FARGO — I don’t know what heaven will smell like, but I’ve imagined it scented like the crabapple blossoms and white lilacs that filled our neighborhoods with aroma this spring.

In refreshing walks with family, after being holed up too long, those springtime scents seemed especially pungent. “The fragrance of eternity?” I wondered.

Just before the blossoms burst, our churches reopened, heightening my awareness of the divine. At a daily Mass, our priest noted the freshly popped florals, anointing the grounds with new life.

We’d just listened to John 16:16-20, where Jesus overhears his disciples’ confusion over his earlier pronouncement that in “a little while, you will no longer see me.” They don’t have the hindsight understanding of his death and resurrection. Jesus assured his friends, “Amen, amen, I say to you, you will weep and mourn, while the world rejoices; you will grieve, but your grief will become joy.”

Fr. Paul offered us assurance, too, noting that though the world rejoices now even as those with eyes of faith weep, just as the blossoms on the trees returned, God’s goodness will prevail in the end.

“Everything comes back around,” he said, adding that, though it would have seemed impossible only months earlier, spring did return, and the spring of Jesus’ promises is coming, too. “Just wait. It’s going to be worth it.”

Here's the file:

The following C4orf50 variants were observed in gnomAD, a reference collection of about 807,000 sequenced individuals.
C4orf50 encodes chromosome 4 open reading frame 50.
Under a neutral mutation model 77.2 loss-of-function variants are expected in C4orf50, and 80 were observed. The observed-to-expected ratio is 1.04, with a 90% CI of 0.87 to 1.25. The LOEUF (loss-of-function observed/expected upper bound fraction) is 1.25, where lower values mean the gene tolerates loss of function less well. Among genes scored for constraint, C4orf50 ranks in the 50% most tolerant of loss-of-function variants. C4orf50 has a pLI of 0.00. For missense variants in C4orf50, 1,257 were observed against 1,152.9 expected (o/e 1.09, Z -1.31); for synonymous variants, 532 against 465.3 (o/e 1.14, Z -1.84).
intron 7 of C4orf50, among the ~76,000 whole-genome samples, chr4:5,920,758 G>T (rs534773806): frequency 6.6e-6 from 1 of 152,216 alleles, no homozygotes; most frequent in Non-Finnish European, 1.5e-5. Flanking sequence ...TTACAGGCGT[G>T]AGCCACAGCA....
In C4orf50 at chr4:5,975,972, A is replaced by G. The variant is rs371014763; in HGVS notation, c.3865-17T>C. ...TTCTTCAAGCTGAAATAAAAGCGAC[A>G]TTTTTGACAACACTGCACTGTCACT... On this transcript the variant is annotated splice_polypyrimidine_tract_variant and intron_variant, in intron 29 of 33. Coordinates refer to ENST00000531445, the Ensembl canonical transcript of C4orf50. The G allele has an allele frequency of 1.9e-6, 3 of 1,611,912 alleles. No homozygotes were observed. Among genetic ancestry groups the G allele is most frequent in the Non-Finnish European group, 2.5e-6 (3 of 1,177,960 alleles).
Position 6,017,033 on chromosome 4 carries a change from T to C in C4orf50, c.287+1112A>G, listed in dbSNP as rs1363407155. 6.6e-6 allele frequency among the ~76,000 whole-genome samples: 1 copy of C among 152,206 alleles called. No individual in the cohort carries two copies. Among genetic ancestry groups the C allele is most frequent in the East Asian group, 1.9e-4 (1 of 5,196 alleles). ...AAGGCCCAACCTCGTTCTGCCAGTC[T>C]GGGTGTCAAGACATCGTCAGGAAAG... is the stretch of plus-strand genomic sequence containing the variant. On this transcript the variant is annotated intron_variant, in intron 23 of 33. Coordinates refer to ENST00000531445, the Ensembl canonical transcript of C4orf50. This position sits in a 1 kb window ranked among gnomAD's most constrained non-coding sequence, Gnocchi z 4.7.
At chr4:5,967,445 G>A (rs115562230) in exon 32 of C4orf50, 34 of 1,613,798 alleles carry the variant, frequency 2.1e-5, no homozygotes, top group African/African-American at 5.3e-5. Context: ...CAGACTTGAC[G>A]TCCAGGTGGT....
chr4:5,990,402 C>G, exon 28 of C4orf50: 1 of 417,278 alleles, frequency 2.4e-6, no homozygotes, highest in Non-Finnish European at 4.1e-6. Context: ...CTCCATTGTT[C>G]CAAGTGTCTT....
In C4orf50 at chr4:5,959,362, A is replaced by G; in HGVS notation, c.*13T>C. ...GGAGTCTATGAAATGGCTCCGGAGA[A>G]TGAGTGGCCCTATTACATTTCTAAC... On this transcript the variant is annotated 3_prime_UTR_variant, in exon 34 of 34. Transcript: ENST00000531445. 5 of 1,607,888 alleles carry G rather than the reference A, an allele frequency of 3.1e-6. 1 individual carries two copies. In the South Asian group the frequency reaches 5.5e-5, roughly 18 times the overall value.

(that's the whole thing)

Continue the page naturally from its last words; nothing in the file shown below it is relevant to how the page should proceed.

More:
The world lavishes in pleasures of this world, while those with faith know our time of dancing has not yet come, but it will come.

Jesus emphasized this before his death, and in John 16:22, repeats his message: “You also are now in anguish. But I will see you again, and your hearts will rejoice, and no one will take your joy away from you.”

What greater news could there be?

What is your anguish? What plagues your heart? What troubles your soul? Jesus reminds us it’s temporary. Not that we shouldn’t feel it, nor try to relieve or eliminate suffering when possible. But if we are in a time of grief, emptiness, depression, confusion or loneliness, we have our Lord’s promise that springtime, with a full flowering of eternal love and peace, awaits.

Fr. Paul advised us to “Just hang on,” and I would add: Yes, and with an expectant heart, knowing you are loved and thought of by the Father from the beginning of time.

As Elizabeth Kelly reminds in her study of women in the New Testament, “Jesus Approaches,” “(God) is always in pursuit of you. You’re always on his mind. And he says, ‘I love you, beyond all limits…I have called you by name.’ Let us trust him and give him our hand.”

May we recognize and inhale the fragrance of faith that wafts daily into our paths, leading us to the eternal flowering, where the scents of spring will not fade after a few days or weeks, but be an infinite permeation of our eternal reward – with all the smells – prepared for those who wait with patience and trust.